BRUSSELS, Belgium, March
10, 2005 (ENS): The wind turbines of the world are spinning
in sync. The Global Wind Energy Council, launched Wednesday, is
the new global forum for the wind energy sector, uniting the wind
industry and its representative associations. Members operate in
more than 50 countries and represent over 1,500 organizations involved
in hardware manufacture, project development, power generation,
finance and consultancy, as well as researchers and academics.
Global Wind Energy Council (GWEC) members represent all the world’s
major wind turbine manufacturers and 99 percent of the world’s
47,317 megawatts (MW) of installed wind power capacity.
The global wind power industry increased its total installed generating
capacity by 20 percent in 2004 installing 7,976 MW, according to
figures released today by the Global Wind Energy Council.
The countries with the highest total installed wind power capacity
are Germany (16,629 MW), Spain (8,263 MW), the United States (6,740
MW), Denmark (3,117 MW) and India (3,000 MW).
The top five countries account for over 67 percent of 2004 installation
and nearly 80 percent of total wind energy installation worldwide.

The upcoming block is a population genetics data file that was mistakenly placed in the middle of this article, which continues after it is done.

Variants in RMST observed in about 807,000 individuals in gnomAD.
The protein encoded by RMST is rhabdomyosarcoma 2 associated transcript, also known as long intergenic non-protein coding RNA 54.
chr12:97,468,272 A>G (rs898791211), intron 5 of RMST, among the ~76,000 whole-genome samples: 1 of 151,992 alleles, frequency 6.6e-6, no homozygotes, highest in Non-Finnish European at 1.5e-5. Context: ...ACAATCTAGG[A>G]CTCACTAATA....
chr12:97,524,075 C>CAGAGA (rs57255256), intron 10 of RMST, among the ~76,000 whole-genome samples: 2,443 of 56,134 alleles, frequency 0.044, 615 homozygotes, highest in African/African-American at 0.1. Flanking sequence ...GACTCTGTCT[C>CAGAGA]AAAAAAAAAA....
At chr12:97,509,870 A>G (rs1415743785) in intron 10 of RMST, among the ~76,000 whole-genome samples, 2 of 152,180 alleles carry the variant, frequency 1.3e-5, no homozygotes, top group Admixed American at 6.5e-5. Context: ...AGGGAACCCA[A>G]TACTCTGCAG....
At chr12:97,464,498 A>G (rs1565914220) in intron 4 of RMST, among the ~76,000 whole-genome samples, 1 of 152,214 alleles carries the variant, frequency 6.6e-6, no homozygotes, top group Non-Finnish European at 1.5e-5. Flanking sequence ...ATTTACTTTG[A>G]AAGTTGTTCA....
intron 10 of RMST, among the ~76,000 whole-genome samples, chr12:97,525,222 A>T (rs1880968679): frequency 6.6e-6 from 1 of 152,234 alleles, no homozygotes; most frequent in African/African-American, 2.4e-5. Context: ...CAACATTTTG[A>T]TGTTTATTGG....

A number of countries, including Italy, the Netherlands, Japan,
and the UK, are above or near the 1,000-MW mark.
Europe continued to dominate the global market in 2004, accounting
for 72.4 percent of new installations (5,774 MW). Asia had a 15.9
percent installation share (1,269 MW), followed by North America
(6.4 percent; 512 MW) and the Pacific Region (4.1 percent; 325 MW).
“Europe is the global leader in wind energy, but we are witnessing
the globalization of the wind energy markets. In Europe, the market
has experienced average annual growth rates of 22 percent over the
past six years; however, the further rapid progress that the industry
is capable of delivering is constrained by barriers such as grid
access and administrative hurdles,” said EWEA President Arthouros
“Renewed political initiatives by the G8 could boost wind
power; the industry is well positioned and ready for a more rapid
roll out given the right political signals."